And with that, comes the fact that some of the more rare recipes are now even harder to find. In my situation, I’ve been able to find Q, V and F yeast strains the easiest, but one of the hardest ones to find have been the O yeast strain.
According to the label, the O yeast strain has fruity traits but the high-rye mashbill gives it a spicy nature. So I decided to pit two OBSO’s against each other in a matchup that will surely not be a likely combo in anyone’s collection.
I have an 8 year, 6 month old 111 proof OBSO from Grape and Grain Exchange in Jacksonville, FL and a 9 year, 11 month 116.2 proof OBSO from Crown Liquors in Indianapolis, IN.
Side By Side Comparison
I am doing this review partly because of my desire to have a competition between all 10 recipes of the Four Roses lineup, but I need to pick the best of the best first before squaring them all off. The store workers at Grape and Grain Exchange had high praise for their OBSO pick, which came in at a wallet-shattering $95 before (ridiculous) Florida sales tax. The Crown pick, on the other hand, was a paltry $73.99. It amazes me the increase in prices once an ocean comes close to your store. I sampled these two semi-blind, neat and in a Glencairn.
Blind Glass #1
Nose: Fresh picked mint, a new leather baseball glove, cherry blossoms, cinnamon stick and a Christmas fruitcake all round out a somewhat basic array of high-ryed bourbon flavors. But as the session goes on, very heavy sweet baking notes appear such as brown sugar, caramel and a chocolate silk pie.
All of this is surrounded with a piercing wood varnish smell, somewhat along the lines of Old Forester Birthday Bourbon. The depth and layers can’t help but reel in your nose for sniff after sniff of satisfying aromas.
Palate: Cinnamon Cake hits first, but then an extremely spicy sensation. The heat stays with the palate throughout, much like drinking barrel-proof Fireball Whiskey. But the spice can be overcame and behind it you’ll find a rich and creamy mouthfeel, on par with some terrific Wild Turkey products. There’s also toasted orange rind , semi sweet chocolate chips and cherry cordials.
Finish: A high rye telltale sign of pine, cedar, drying oak, wet tobacco, cinnamon and black pepper heat all coated with some delicious dessert notes of chocolate mousse pie and tiramisu.
This dram is a chocolate lovers dream (a fact I get a lot with the O yeast strain)
Blind Glass #2
Nose: Melting milk choclate, nougat, vanilla almond-flour cake and then a pleasant array of floral and fruity notes like apricots, cherry blossoms, rose petals and musk melon (?!). There’s even some musty wood, which is extremely strange for the age statement of these two bottles.
Palate: Spice forward just like Glass #1, There’s white pepper with a touch of chili powder. But also like Glass #1, there’s a lot of sweetness that’s mixed in. T
hick caramel, semi-sweet chocolate chips, cinnamon sprinkled in a cup of apple cider, raw stone fruit (bitter) and bitter tea leaf.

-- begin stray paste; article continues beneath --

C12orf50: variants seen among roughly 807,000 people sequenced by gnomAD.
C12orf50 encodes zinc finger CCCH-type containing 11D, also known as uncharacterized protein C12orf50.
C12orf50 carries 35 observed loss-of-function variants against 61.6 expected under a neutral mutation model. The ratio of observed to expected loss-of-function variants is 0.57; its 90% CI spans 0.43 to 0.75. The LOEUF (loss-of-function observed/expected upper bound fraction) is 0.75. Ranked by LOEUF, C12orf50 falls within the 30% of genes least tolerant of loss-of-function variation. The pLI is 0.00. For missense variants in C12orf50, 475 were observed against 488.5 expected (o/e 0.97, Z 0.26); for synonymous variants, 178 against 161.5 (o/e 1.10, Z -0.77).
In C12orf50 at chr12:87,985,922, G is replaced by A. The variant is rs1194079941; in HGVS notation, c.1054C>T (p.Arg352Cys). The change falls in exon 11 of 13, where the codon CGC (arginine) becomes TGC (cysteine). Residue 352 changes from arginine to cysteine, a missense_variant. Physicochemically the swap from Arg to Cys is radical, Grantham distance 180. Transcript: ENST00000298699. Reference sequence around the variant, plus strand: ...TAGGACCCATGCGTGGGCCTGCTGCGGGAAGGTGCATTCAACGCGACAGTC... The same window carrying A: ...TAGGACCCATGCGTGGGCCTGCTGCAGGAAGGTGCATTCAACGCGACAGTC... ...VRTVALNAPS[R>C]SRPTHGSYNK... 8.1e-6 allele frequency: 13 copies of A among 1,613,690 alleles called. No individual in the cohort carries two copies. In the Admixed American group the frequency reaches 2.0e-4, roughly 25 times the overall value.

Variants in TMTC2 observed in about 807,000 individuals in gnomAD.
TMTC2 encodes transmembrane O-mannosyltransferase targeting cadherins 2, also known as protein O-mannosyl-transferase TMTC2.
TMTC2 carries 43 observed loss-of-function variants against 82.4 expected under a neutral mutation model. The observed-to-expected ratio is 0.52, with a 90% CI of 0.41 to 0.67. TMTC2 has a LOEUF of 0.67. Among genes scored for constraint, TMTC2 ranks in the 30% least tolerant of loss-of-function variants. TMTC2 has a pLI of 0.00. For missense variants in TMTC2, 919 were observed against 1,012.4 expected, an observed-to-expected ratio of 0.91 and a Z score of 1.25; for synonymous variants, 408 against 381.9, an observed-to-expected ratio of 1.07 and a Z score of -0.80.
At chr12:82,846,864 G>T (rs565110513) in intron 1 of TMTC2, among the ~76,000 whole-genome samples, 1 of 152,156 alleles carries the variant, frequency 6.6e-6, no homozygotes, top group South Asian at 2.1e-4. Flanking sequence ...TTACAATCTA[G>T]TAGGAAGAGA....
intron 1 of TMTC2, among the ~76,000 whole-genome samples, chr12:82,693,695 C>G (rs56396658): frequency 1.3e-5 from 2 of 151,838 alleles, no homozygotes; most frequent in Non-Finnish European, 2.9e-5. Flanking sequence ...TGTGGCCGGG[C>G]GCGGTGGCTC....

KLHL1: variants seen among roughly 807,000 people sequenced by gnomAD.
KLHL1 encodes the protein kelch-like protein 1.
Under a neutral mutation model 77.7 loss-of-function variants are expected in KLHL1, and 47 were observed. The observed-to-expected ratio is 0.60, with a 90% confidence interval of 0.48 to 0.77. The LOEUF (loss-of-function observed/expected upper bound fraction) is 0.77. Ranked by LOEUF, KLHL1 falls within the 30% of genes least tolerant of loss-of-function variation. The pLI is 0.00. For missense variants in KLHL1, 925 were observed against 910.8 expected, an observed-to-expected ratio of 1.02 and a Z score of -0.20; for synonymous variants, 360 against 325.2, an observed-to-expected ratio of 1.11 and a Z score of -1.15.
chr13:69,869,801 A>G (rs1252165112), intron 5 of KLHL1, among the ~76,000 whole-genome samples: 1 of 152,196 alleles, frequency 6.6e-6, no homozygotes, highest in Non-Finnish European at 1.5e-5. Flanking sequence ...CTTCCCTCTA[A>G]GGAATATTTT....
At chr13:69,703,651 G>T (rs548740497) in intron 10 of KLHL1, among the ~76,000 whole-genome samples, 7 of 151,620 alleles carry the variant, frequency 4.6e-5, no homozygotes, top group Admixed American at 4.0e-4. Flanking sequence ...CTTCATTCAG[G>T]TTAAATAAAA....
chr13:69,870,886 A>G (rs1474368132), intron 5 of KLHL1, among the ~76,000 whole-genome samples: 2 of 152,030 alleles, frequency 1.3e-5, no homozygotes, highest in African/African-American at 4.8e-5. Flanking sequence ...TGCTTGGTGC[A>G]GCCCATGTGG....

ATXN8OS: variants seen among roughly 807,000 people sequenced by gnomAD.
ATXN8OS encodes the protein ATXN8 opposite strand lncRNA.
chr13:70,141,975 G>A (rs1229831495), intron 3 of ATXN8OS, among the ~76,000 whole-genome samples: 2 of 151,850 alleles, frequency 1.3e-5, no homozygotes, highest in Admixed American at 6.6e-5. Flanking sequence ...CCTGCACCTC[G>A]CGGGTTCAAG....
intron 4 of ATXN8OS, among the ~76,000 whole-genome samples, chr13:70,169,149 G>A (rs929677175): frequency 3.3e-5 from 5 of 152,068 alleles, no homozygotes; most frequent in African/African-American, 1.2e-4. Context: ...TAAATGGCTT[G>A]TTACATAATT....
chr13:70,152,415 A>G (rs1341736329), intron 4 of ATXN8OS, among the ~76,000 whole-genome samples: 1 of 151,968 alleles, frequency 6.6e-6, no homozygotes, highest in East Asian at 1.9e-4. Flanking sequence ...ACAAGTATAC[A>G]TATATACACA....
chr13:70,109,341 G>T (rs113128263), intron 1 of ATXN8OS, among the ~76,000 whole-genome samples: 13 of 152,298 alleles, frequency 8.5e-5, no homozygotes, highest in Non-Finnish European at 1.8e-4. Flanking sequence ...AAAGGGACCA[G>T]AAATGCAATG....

Finish: A nice restrained rye spice adds more spicy pop to the finish as citrus notes appear with lime and lemon zest. T
here’s some fresh tobacco and anise to round out the odder, undeveloped rye notes too. As the dram goes on, the finish gets more bittersweet. It’s really unique and tasty but begins to decline over the course of the dram.
Glass #1: Crown Liquors OBSO
Glass #2: Grape and Grain Exchange OBSO
Winner: Crown Liquors OBSO!
Yet another example of the higher-aged Four Roses recipe winning over its younger sibling. If there are two traits that Four Roses lovers know, it’s that you seek out proofs over 120 and age statements over 10 years. If you can’t get either, get as close as you can to them.
This contest was no different. The Crown OBSO wins because the spice and chocolate scents play nice with each other and are a delicious compliment.
The G&G Exchange OBSO, on the other hand, started out strong but developed this bittersweet tendency towards the end, enough to knock it down a couple of tenths and make it the loser of this competition. But in reality, there is no loser if you own a Four Roses Barrel Strength pick. For the taste and uniqueness, I don’t think it can be matched around the $75 price point.
1 | Disgusting | Drain pour (Example: Jeffers Creek)
2 | Poor | Forced myself to drink it
3 | Bad | Flawed (AD Laws 4 Grain BiB, Clyde Mays anything)
4 | Sub-par | Many things I’d rather have (Tincup 10 year)
5 | Good | Good, solid, ordinary (Larceny, Sazerac Rye)
6 | Very Good | Better than average (Buffalo Trace, OGD BiB)
7 | Great | Well above average (Old Ezra Barrel Proof, Old Weller Antique)
8 | Excellent | Exceptional (Michter’s Barrel Proof Rye, Four Roses Barrel Strength)
9 | Incredible | Extraordinary (GTS, 13 Year MGP or Canadian Rye)
10 | Insurpassable | Nothing Else Comes Close (William Larue Weller)
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